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An introduction to creative reviewing by Roger Greenaway

The use of 'pictures' in reviewing helps learners to 'see' their experiences and to communicate their experiences to others. Pictures can also enhance the quality of communication throughout the learning cycle. The reviewing techniques described below illustrate some of the basic tools and strategies that can be used to exploit our need to think and communicate in pictures.

  • 'I CAN'T DRAW!'
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    see the Active Reviewing Guide
    where this article was first published.


Using pictures as part of a reviewing process can produce these benefits:

  1. The process of creating pictures helps individuals to sort out their own thoughts and feelings - after which they are able to express themselves more clearly (with or without the picture they created).
  2. The process of creating pictures co-operatively (in pairs or groups) encourages people to talk to each other in some depth and detail about their experiences of the activity being reviewed.
  3. Whatever is created through pictures serves as a visual aid or confidence booster in helping people to communicate their experience of the activity to others.
  4. Pictures expand the 'language' of reviewing, open up new channels of communication and generally help to develop communication skills.
  5. The picture may speak for itself, sometimes communicating more about an activity experience than a verbal picture would achieve.
  6. Pictures can be used at all stages of a learning cycle - for describing the past, for communicating about the present and for envisioning the future.

We all think in pictures - some more than others - depending on our 'preferred learning styles'. We can use words, tone of voice and gestures to communicate our mental pictures to others. We can also - of course - use pictures to communicate pictures! But many of us get stuck in the groove of communication by words alone - even where a picture would be worth 1,000 words (and might even save a lot of time). The use of visual communication tools can help people to get out of a verbal rut and to communicate more easily in both words and pictures.


For some people it is 'second nature' to think and express themselves through pictures. And many people find it easier to talk when they can refer to a picture as a 'visual aid'.

Unfortunately there are also many people who believe they cannot draw. Part of the skill in using picture-based reviewing techniques is in using methods that bypass such restricting beliefs.

For example:

In a supportive learning climate, even people who think they cannot draw may take the risk and discover they can!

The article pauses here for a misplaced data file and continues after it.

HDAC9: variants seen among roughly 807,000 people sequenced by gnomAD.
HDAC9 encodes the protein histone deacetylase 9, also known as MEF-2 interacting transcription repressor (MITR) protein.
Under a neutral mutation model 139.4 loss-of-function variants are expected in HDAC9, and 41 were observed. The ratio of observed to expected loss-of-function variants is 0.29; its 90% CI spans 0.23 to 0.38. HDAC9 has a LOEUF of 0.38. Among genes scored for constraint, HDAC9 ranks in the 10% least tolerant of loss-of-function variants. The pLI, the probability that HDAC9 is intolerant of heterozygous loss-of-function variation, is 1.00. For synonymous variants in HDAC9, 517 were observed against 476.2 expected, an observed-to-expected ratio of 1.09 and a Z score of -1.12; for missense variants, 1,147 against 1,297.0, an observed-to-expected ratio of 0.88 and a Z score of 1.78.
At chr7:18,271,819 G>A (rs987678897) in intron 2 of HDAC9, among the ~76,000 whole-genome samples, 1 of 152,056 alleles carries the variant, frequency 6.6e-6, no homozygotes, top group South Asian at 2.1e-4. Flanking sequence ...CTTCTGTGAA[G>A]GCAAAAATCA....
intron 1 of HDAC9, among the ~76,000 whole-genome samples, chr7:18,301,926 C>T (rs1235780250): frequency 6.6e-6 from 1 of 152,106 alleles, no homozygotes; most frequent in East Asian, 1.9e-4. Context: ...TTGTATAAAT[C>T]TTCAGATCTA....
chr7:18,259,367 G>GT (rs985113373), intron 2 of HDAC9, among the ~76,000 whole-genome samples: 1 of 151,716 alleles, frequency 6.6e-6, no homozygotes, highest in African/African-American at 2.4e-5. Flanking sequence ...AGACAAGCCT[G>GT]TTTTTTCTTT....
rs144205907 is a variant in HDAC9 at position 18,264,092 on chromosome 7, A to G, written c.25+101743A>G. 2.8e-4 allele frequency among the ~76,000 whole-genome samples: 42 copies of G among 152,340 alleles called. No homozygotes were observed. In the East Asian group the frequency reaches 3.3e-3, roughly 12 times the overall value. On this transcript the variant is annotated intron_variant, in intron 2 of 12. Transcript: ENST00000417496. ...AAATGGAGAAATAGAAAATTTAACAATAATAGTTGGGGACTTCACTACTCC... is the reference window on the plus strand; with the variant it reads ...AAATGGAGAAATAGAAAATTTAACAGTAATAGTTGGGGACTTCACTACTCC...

In our everyday lives we are surrounded by art, pictures, and images. We are living in an increasingly visual culture. Advertisers, campaigners, TV programme makers, creators of educational resources are continually experimenting with ways in which pictures can attract attention and get messages across. Some advertisements have no words at all. If pictures are such a powerful means of communication, why do we not make more use of them as a reviewing tool?

Diagrams, learning models and flow charts are often used as reviewing aids, but there are many other ways in which pictures can be used in reviewing. Below you will find some picture-based reviewing tools to add to your growing toolkit. For more advanced techniques you may wish to explore the world of art therapy.

Methods for reviewing with pictures

The reviewing techniques described below illustrate some of the basic tools and strategies that can be used to exploit our need to think and communicate in pictures.


The reviewer will need a varied and stimulating collection of pictures (including abstract ones). Providing an assortment of magazines is the easiest option. A better option is for the reviewer to build up one or two picture scrapbooks of their own, or an interesting collection of postcards.

Ask individuals to choose a picture which represents one or more of the following: something important about your experience; your best experience; your worst experience; what you wish it had been like; your part in the activity; what the group was like; your hopes for the next activity.

Individuals either explain their choice or ask others to guess. The whole group can be asked to choose just one picture to represent a group theme such as 'what the group was like'. If individuals can't find a picture, they can be given the option of altering one, or drawing or describing one.


A collage is itself a 'picture' (which can include other pictures within it). It can be made from almost any materials that can be stuck onto a sheet of paper. The reviewer can supply an interesting variety of material, or can ask the group to search for suitable material during or after the activity (whether indoors or outdoors).

Individuals are asked to find three items which they want to include in a group collage about the activity. The group meet and individuals explain why they want to include each of their three items.